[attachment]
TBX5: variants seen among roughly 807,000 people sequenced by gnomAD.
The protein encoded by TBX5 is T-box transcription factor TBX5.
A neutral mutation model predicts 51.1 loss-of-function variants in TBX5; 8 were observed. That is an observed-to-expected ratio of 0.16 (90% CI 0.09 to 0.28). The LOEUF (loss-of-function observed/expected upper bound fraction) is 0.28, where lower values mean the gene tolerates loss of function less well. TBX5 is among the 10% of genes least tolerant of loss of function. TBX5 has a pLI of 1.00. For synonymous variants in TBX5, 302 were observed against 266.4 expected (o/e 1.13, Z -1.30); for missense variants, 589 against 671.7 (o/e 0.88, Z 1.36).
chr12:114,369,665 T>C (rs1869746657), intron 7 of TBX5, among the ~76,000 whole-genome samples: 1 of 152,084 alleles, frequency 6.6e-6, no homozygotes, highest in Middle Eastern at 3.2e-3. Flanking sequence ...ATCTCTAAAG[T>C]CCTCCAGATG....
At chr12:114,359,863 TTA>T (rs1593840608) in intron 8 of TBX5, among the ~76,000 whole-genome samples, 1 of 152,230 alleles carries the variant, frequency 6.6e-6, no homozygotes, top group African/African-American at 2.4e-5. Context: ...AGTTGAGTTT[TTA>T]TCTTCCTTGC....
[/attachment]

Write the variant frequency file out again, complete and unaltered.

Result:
TBX5: variants seen among roughly 807,000 people sequenced by gnomAD.
The protein encoded by TBX5 is T-box transcription factor TBX5.
A neutral mutation model predicts 51.1 loss-of-function variants in TBX5; 8 were observed. That is an observed-to-expected ratio of 0.16 (90% CI 0.09 to 0.28). The LOEUF (loss-of-function observed/expected upper bound fraction) is 0.28, where lower values mean the gene tolerates loss of function less well. TBX5 is among the 10% of genes least tolerant of loss of function. TBX5 has a pLI of 1.00. For synonymous variants in TBX5, 302 were observed against 266.4 expected (o/e 1.13, Z -1.30); for missense variants, 589 against 671.7 (o/e 0.88, Z 1.36).
chr12:114,369,665 T>C (rs1869746657), intron 7 of TBX5, among the ~76,000 whole-genome samples: 1 of 152,084 alleles, frequency 6.6e-6, no homozygotes, highest in Middle Eastern at 3.2e-3. Flanking sequence ...ATCTCTAAAG[T>C]CCTCCAGATG....
At chr12:114,359,863 TTA>T (rs1593840608) in intron 8 of TBX5, among the ~76,000 whole-genome samples, 1 of 152,230 alleles carries the variant, frequency 6.6e-6, no homozygotes, top group African/African-American at 2.4e-5. Context: ...AGTTGAGTTT[TTA>T]TCTTCCTTGC....